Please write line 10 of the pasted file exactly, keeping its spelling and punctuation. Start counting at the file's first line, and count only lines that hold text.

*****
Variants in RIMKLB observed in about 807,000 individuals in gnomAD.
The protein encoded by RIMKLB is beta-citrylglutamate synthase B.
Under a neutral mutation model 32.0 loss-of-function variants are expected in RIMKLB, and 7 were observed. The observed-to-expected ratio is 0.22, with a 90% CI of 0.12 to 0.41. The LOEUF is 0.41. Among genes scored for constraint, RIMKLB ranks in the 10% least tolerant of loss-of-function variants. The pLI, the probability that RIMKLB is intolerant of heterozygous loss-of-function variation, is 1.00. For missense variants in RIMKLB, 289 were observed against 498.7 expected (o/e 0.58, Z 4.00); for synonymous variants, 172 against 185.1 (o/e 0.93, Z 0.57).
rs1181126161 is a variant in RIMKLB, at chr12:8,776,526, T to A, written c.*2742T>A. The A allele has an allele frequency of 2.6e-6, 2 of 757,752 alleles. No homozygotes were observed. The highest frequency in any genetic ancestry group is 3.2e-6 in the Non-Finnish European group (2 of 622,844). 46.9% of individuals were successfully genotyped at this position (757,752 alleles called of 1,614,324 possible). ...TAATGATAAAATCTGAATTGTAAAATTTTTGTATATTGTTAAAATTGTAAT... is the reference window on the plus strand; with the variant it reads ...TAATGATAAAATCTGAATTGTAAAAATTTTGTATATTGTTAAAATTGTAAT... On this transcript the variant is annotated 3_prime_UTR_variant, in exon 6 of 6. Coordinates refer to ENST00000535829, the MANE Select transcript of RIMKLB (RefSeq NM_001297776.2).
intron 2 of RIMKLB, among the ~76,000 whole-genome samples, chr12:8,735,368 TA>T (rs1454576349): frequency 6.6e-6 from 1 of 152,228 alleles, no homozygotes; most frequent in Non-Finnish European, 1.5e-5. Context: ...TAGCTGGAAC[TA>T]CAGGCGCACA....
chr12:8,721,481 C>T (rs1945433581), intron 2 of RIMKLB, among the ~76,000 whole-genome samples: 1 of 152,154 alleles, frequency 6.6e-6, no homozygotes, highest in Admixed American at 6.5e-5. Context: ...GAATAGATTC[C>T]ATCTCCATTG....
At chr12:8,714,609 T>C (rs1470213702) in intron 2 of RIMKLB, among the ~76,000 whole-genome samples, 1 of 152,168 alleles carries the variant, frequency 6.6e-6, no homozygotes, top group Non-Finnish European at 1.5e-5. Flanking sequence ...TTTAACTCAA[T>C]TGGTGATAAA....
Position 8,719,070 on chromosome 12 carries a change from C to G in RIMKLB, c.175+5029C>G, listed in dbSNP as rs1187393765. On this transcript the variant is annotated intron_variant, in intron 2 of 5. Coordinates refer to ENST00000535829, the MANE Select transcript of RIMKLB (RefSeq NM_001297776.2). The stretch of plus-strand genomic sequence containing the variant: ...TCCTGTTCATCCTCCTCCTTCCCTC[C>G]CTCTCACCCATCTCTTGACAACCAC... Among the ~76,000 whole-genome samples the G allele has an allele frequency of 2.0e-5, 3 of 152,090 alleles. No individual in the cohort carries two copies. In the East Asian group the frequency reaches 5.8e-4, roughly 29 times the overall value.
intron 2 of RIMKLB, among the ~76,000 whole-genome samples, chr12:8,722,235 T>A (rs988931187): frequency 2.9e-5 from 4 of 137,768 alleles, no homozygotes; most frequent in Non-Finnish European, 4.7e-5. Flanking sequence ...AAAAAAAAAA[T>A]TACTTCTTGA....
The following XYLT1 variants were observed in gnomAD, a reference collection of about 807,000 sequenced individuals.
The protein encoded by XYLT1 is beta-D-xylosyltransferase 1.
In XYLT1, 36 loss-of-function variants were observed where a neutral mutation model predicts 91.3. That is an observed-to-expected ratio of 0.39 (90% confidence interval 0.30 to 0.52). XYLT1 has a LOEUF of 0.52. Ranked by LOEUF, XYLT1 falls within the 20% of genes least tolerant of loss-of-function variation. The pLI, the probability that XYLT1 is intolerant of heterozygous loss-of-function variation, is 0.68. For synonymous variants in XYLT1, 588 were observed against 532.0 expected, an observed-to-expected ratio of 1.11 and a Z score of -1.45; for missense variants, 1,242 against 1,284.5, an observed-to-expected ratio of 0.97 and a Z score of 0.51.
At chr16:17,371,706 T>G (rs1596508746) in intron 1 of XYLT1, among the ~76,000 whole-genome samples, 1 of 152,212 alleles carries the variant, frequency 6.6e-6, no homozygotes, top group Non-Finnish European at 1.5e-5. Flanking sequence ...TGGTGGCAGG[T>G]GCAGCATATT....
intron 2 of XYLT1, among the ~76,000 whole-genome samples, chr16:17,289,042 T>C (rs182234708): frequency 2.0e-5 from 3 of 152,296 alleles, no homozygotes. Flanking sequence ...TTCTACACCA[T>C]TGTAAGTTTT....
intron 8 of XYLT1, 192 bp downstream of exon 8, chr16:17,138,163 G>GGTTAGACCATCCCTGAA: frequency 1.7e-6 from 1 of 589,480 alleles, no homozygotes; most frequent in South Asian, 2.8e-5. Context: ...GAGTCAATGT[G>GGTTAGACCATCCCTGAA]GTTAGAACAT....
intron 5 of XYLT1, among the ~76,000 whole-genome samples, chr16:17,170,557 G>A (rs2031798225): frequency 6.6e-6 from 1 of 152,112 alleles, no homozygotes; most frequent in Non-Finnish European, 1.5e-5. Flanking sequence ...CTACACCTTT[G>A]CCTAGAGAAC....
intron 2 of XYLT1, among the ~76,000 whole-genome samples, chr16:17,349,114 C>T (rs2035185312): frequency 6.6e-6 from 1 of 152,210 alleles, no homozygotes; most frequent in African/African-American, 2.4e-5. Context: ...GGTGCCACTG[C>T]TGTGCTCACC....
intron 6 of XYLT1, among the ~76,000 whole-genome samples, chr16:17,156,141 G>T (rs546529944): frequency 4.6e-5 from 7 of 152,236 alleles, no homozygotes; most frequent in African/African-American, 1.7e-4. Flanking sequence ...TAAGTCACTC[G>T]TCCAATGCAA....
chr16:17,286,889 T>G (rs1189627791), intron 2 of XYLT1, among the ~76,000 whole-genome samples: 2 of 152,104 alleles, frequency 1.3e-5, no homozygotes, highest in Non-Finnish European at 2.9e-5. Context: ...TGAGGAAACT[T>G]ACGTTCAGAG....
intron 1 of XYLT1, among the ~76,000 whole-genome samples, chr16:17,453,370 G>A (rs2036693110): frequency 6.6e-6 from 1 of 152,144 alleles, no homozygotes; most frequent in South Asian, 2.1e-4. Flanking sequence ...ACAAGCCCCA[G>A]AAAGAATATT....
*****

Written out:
The following XYLT1 variants were observed in gnomAD, a reference collection of about 807,000 sequenced individuals.